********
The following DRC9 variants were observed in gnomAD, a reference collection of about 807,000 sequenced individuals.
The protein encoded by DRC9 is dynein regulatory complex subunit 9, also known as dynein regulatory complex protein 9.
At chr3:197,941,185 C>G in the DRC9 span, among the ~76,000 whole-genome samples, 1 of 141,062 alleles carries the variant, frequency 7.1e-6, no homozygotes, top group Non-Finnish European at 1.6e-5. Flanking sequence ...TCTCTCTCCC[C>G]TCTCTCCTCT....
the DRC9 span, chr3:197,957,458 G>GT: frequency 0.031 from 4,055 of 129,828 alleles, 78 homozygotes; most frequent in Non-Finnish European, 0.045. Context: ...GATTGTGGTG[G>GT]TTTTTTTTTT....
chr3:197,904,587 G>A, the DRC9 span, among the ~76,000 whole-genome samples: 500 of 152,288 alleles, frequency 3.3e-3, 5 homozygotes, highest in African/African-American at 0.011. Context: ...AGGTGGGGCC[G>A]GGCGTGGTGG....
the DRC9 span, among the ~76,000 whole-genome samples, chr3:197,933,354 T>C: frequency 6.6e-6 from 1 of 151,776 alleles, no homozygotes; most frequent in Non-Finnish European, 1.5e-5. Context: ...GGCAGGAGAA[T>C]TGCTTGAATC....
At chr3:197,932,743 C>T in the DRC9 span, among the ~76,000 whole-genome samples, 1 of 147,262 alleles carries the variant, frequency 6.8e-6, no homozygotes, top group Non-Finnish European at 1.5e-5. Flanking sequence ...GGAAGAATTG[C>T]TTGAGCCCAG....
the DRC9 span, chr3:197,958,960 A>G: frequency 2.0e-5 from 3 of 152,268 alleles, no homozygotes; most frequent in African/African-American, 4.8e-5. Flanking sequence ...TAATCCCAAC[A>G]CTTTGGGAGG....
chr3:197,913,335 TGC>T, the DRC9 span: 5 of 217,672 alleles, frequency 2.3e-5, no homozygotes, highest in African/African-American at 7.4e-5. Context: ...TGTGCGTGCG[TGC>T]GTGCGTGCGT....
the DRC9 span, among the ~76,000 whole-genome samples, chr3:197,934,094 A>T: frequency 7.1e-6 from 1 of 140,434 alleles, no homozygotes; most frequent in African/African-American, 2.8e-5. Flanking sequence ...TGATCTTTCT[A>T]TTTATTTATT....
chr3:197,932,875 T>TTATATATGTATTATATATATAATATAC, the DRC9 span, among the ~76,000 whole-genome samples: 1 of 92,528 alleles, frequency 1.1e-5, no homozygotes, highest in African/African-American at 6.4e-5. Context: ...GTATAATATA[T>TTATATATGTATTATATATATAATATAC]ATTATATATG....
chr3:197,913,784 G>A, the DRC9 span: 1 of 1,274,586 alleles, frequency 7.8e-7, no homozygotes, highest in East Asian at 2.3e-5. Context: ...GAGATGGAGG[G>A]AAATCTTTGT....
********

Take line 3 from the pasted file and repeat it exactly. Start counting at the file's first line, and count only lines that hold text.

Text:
At chr3:197,941,185 C>G in the DRC9 span, among the ~76,000 whole-genome samples, 1 of 141,062 alleles carries the variant, frequency 7.1e-6, no homozygotes, top group Non-Finnish European at 1.6e-5. Flanking sequence ...TCTCTCTCCC[C>G]TCTCTCCTCT....